Yield Curve Inversion and Recession Fear

There have been plenty of news headlines and media attention focused on yield curve inversion in the U.S., which occurred at the end of August 2019. Yield curve inversion occurs when short-term interest rates exceed long-term interest rates and has been a reliable precursor to recessions. The caveat is that there is a time lag between initial yield curve inversion and when a recession hits the economy. Counter to intuition, yield curve inversion has been a good intermediate-term buy signal for stocks. Over the past seven economic cycles, even after the U.S. 2-year to 10-year yield curve inverted, the median gain for the S&P 500 has been 21%, with a recession arriving a median of 19 months down the road. It is important to note that history speaks to probability, not certainty. Hence, it is wise to keep an open mind to different outcomes. But if history is any guide, yield curve inversion does not imply an immediate end to a bull cycle.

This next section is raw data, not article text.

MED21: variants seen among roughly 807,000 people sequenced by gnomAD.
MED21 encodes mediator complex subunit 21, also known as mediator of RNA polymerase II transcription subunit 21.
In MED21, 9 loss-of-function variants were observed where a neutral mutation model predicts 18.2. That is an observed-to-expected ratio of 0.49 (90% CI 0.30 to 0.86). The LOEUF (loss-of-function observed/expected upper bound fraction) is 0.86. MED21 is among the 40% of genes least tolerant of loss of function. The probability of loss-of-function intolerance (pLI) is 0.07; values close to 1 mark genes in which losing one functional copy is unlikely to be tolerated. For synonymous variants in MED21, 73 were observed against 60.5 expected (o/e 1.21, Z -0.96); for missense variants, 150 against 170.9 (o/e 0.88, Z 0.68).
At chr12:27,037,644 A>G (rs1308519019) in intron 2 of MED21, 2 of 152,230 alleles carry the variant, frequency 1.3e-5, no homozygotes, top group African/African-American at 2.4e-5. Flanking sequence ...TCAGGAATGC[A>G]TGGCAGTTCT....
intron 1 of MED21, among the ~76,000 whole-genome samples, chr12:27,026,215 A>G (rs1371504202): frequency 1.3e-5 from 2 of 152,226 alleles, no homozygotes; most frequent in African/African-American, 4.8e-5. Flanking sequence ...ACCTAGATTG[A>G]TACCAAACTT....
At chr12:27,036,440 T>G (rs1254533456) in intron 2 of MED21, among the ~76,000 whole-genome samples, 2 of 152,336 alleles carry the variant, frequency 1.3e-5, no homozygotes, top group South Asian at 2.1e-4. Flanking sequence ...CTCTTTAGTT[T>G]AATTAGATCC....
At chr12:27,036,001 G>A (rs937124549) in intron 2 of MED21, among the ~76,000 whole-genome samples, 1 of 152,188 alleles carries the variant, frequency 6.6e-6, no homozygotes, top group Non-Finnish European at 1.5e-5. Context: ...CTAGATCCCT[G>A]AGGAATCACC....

So why is there a time lag between initial yield curve inversion and a recession? There are two main reasons. First, when the yield curve inverts, financial conditions tighten because it’s not profitable for banks to borrow money under short-term rates and lend out under long-term rates. But banks don’t stop lending overnight, financial conditions tighten over time. Underneath the hood, credit spreads (an indicator of company defaults) are still tight, meaning the risk of defaults is relatively low. In addition, U.S. initial jobless claims remain stable. A spike in initial jobless claims could signal trouble in the labour market, which eventually impacts consumer income and spending. Second, when the yield curve inverts, central banks generally step in to lower short-term interest rates in an attempt to stimulate the economy. This is exactly what is happening now and lowering the cost of borrowing can generate a positive impact for the markets.